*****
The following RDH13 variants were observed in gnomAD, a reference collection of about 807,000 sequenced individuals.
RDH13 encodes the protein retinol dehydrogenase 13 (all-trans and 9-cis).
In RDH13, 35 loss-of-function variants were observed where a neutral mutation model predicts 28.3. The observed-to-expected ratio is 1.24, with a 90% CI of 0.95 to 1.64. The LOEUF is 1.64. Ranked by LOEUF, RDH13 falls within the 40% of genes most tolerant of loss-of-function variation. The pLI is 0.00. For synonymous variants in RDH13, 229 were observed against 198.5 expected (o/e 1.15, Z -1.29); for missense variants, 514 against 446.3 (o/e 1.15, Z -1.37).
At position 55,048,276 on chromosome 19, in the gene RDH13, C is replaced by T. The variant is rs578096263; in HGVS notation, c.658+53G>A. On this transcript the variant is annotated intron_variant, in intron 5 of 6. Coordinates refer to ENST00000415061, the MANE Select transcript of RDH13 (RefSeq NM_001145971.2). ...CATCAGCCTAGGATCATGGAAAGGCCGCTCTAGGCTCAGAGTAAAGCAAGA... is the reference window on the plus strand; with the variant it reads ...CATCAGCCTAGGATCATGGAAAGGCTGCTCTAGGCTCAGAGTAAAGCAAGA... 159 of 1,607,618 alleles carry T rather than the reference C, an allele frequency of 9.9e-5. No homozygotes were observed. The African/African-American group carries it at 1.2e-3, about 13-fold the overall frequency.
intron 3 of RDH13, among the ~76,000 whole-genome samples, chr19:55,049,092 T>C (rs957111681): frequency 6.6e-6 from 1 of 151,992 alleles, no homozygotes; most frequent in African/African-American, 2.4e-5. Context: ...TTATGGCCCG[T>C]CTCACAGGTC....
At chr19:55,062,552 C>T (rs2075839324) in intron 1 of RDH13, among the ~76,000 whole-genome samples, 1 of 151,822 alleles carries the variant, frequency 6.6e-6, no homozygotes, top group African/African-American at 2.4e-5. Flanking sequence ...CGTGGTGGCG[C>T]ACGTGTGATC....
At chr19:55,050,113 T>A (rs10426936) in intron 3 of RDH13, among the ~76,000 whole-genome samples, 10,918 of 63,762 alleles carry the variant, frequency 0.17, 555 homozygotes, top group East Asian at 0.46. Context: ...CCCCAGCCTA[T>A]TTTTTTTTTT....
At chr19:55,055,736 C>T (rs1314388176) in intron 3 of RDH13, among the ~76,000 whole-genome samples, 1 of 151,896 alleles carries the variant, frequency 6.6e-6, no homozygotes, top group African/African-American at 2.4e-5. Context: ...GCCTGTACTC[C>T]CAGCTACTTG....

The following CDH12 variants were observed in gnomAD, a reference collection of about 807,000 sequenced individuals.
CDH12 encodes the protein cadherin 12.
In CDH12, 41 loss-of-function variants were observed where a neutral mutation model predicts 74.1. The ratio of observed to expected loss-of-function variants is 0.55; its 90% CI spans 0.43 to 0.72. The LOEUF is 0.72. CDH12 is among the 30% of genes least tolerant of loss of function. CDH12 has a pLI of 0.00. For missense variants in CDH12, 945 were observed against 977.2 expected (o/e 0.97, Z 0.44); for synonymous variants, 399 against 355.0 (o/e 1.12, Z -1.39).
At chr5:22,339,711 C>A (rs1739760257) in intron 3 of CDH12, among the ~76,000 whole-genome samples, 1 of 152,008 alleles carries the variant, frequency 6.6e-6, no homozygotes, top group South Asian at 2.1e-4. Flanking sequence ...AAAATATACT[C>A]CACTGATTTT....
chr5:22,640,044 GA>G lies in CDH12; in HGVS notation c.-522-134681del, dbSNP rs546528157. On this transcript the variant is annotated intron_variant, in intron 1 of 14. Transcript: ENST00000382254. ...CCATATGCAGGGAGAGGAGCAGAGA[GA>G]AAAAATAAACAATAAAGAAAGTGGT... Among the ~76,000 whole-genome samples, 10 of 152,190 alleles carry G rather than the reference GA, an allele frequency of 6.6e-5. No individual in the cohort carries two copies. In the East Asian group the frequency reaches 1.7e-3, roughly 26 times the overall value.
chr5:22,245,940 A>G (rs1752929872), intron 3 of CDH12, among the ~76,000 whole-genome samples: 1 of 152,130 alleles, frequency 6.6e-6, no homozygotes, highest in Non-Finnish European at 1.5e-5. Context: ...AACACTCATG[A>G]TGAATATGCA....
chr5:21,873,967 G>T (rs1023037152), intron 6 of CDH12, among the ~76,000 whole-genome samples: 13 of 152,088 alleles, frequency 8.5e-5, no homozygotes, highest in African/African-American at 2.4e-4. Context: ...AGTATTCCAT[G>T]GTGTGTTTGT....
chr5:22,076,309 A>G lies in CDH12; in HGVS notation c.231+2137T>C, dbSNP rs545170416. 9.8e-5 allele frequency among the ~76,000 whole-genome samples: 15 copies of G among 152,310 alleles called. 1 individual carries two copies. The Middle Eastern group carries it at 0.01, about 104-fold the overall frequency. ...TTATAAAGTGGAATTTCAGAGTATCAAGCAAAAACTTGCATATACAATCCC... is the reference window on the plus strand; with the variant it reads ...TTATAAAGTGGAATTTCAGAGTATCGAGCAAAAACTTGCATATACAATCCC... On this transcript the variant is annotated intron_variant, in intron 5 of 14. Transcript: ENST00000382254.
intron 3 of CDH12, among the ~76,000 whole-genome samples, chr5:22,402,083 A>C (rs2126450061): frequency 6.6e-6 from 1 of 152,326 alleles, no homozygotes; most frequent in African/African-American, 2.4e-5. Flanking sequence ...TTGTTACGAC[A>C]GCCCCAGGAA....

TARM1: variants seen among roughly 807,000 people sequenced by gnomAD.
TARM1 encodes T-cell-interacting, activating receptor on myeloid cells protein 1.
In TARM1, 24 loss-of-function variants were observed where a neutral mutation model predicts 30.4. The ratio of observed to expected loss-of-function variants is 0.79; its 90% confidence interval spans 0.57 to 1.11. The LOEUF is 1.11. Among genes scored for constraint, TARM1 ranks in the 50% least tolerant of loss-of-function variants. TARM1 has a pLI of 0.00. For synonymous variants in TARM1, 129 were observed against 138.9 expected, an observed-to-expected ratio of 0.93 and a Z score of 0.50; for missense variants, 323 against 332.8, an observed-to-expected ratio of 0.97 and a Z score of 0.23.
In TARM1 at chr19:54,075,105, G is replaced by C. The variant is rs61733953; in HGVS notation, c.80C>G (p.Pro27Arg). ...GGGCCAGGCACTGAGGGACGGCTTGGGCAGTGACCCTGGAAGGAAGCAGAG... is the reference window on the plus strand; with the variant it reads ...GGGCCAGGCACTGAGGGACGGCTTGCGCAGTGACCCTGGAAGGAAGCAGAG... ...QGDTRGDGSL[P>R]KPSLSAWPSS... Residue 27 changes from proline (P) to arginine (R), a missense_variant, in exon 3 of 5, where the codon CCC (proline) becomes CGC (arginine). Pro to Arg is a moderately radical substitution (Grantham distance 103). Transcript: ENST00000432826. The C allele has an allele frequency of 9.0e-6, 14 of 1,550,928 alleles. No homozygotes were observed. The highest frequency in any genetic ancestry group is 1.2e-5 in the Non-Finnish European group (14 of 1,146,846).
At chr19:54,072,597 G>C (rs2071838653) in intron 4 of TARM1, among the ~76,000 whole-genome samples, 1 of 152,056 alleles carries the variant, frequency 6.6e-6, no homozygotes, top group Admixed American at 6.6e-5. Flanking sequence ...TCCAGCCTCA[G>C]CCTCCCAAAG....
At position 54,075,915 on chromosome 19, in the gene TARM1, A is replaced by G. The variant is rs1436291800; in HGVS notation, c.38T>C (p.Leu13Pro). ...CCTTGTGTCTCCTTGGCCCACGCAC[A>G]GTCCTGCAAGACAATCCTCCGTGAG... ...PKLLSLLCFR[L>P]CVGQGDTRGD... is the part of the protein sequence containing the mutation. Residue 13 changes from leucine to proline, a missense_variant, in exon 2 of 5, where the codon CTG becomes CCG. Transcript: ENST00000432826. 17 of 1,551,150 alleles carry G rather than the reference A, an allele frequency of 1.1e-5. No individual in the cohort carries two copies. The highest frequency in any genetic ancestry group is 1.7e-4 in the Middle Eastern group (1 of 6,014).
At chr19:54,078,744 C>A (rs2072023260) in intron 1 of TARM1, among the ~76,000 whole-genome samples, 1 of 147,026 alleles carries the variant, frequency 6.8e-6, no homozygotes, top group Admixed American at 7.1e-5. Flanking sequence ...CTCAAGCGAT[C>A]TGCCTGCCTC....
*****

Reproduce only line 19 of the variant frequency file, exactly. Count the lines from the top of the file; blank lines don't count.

TARM1 encodes T-cell-interacting, activating receptor on myeloid cells protein 1.